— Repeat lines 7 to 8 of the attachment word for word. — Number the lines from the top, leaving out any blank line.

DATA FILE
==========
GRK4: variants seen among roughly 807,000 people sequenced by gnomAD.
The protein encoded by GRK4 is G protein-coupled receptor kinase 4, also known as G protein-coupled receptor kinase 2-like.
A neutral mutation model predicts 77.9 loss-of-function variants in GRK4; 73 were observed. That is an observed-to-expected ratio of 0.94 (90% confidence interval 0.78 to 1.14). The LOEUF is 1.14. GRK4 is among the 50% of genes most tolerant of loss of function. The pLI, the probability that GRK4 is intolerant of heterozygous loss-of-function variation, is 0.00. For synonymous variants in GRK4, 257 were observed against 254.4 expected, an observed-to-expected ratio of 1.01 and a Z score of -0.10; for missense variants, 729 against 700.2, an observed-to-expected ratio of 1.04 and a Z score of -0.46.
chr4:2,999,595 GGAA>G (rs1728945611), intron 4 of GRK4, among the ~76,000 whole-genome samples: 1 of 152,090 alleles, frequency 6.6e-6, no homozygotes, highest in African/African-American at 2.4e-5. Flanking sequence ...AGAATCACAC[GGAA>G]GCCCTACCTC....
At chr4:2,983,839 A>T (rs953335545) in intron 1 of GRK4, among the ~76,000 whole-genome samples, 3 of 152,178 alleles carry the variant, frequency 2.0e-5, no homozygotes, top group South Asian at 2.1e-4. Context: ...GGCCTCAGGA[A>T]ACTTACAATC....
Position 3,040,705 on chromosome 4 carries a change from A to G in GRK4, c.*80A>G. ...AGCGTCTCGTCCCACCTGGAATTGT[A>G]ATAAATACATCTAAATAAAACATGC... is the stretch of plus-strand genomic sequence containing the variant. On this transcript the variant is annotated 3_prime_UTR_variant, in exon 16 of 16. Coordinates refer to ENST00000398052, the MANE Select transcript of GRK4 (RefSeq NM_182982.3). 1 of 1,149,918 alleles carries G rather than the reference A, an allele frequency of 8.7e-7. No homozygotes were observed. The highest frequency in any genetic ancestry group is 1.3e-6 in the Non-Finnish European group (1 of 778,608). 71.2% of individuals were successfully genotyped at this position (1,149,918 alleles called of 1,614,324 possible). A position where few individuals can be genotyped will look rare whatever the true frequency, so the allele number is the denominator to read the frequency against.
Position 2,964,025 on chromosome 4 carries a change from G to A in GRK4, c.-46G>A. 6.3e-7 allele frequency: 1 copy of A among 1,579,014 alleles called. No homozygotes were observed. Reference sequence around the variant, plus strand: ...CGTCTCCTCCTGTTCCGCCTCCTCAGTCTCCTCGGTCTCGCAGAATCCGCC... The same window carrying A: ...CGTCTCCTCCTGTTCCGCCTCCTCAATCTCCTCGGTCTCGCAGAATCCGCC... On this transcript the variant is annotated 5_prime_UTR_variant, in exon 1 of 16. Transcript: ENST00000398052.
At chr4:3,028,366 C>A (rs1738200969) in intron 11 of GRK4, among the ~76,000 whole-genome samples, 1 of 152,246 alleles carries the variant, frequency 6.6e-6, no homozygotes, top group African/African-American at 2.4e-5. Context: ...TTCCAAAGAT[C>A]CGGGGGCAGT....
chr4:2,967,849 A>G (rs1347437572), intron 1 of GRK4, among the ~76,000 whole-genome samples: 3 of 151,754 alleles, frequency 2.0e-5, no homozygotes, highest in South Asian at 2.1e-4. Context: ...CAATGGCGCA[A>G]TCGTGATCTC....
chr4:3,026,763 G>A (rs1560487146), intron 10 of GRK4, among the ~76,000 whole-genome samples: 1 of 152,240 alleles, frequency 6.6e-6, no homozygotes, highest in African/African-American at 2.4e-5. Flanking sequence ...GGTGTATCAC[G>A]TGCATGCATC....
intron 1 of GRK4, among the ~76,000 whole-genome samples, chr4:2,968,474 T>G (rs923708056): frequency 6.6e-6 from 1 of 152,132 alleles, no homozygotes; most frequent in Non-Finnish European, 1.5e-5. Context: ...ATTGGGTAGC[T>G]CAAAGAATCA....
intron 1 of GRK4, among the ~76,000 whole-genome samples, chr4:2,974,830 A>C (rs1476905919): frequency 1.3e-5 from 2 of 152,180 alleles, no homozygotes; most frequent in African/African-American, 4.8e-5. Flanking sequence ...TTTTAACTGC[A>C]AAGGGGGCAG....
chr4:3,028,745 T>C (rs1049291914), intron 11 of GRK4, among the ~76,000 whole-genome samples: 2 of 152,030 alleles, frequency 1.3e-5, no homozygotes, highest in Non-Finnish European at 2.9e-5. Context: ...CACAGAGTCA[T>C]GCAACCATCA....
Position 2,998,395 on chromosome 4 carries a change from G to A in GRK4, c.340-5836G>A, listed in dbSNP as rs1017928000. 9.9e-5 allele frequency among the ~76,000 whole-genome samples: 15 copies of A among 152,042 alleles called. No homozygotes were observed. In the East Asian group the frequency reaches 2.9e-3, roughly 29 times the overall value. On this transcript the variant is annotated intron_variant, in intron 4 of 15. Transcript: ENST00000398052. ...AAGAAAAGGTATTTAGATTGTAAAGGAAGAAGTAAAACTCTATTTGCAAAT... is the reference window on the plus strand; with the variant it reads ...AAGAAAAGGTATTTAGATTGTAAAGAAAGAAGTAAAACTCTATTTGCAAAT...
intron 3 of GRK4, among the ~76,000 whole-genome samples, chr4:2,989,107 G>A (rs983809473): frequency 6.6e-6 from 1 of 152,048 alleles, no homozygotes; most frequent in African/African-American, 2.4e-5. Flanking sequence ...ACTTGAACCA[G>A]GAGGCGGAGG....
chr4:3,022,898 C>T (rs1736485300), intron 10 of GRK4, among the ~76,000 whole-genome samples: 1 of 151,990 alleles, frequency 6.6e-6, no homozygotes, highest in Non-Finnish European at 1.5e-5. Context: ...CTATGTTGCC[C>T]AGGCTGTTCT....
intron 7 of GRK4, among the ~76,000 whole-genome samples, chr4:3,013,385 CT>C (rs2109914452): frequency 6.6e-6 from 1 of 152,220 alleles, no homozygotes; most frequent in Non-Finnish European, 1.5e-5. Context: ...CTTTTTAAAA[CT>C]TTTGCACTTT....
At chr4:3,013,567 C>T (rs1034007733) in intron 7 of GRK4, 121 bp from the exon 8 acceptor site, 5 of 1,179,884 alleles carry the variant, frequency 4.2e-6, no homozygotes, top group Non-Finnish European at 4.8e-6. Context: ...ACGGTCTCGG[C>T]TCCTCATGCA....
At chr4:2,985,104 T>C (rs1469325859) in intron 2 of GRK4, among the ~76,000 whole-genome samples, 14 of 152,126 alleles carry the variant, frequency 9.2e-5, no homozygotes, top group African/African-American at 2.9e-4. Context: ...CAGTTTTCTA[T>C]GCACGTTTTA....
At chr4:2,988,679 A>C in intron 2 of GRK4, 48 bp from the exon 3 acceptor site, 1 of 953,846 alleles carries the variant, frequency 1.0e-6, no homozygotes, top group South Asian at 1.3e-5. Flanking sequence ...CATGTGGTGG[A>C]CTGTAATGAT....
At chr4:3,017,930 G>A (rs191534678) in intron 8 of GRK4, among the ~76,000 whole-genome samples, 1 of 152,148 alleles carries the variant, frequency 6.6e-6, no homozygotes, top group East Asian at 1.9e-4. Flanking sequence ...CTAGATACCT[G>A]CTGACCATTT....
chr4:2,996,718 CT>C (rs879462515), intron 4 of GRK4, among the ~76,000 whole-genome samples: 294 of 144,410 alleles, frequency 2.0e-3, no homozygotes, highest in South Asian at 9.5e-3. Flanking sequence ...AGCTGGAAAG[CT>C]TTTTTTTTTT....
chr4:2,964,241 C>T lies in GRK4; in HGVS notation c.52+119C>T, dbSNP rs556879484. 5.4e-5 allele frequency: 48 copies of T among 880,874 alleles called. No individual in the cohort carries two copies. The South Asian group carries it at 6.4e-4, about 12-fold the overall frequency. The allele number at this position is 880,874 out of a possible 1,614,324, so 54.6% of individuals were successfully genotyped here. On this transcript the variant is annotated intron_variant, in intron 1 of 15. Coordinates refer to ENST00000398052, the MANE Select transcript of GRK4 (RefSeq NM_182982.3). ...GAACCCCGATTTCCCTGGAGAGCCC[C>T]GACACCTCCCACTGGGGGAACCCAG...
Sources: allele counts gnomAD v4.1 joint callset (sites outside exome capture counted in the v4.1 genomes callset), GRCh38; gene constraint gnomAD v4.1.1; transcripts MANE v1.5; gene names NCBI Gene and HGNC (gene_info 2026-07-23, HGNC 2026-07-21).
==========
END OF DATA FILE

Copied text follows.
Position 2,964,025 on chromosome 4 carries a change from G to A in GRK4, c.-46G>A. 6.3e-7 allele frequency: 1 copy of A among 1,579,014 alleles called. No homozygotes were observed. Reference sequence around the variant, plus strand: ...CGTCTCCTCCTGTTCCGCCTCCTCAGTCTCCTCGGTCTCGCAGAATCCGCC... The same window carrying A: ...CGTCTCCTCCTGTTCCGCCTCCTCAATCTCCTCGGTCTCGCAGAATCCGCC... On this transcript the variant is annotated 5_prime_UTR_variant, in exon 1 of 16. Transcript: ENST00000398052.
At chr4:3,028,366 C>A (rs1738200969) in intron 11 of GRK4, among the ~76,000 whole-genome samples, 1 of 152,246 alleles carries the variant, frequency 6.6e-6, no homozygotes, top group African/African-American at 2.4e-5. Context: ...TTCCAAAGAT[C>A]CGGGGGCAGT....